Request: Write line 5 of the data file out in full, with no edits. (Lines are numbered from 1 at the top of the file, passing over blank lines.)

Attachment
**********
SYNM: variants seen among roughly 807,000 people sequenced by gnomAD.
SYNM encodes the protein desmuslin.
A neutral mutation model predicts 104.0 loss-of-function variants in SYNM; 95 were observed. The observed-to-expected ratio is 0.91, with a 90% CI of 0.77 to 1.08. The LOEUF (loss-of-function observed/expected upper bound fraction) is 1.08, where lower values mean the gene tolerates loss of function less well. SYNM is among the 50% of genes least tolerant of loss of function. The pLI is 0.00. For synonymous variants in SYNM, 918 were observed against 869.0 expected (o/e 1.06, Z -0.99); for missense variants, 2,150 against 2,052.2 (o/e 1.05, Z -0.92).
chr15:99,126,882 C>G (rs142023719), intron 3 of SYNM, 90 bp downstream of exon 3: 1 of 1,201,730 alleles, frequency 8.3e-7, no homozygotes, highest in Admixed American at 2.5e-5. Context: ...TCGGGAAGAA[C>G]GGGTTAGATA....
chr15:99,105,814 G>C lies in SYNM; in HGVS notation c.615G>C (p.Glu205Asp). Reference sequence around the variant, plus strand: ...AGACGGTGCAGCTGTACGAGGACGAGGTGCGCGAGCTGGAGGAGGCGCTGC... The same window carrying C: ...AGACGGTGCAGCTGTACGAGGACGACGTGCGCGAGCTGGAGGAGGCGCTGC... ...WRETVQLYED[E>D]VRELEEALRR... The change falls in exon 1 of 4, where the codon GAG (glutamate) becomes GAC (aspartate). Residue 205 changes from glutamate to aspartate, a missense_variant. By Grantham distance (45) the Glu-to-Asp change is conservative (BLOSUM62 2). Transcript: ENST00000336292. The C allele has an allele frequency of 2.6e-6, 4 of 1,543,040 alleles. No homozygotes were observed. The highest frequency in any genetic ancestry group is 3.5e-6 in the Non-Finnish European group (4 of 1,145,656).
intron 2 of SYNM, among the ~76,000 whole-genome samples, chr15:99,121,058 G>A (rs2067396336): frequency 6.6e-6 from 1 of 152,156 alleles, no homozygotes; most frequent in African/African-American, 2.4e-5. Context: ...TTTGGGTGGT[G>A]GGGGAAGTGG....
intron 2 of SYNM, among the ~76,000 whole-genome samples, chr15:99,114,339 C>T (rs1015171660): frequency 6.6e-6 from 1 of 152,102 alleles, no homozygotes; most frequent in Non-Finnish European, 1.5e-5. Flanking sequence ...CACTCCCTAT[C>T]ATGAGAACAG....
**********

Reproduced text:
chr15:99,105,814 G>C lies in SYNM; in HGVS notation c.615G>C (p.Glu205Asp). Reference sequence around the variant, plus strand: ...AGACGGTGCAGCTGTACGAGGACGAGGTGCGCGAGCTGGAGGAGGCGCTGC... The same window carrying C: ...AGACGGTGCAGCTGTACGAGGACGACGTGCGCGAGCTGGAGGAGGCGCTGC... ...WRETVQLYED[E>D]VRELEEALRR... The change falls in exon 1 of 4, where the codon GAG (glutamate) becomes GAC (aspartate). Residue 205 changes from glutamate to aspartate, a missense_variant. By Grantham distance (45) the Glu-to-Asp change is conservative (BLOSUM62 2). Transcript: ENST00000336292. The C allele has an allele frequency of 2.6e-6, 4 of 1,543,040 alleles. No homozygotes were observed. The highest frequency in any genetic ancestry group is 3.5e-6 in the Non-Finnish European group (4 of 1,145,656).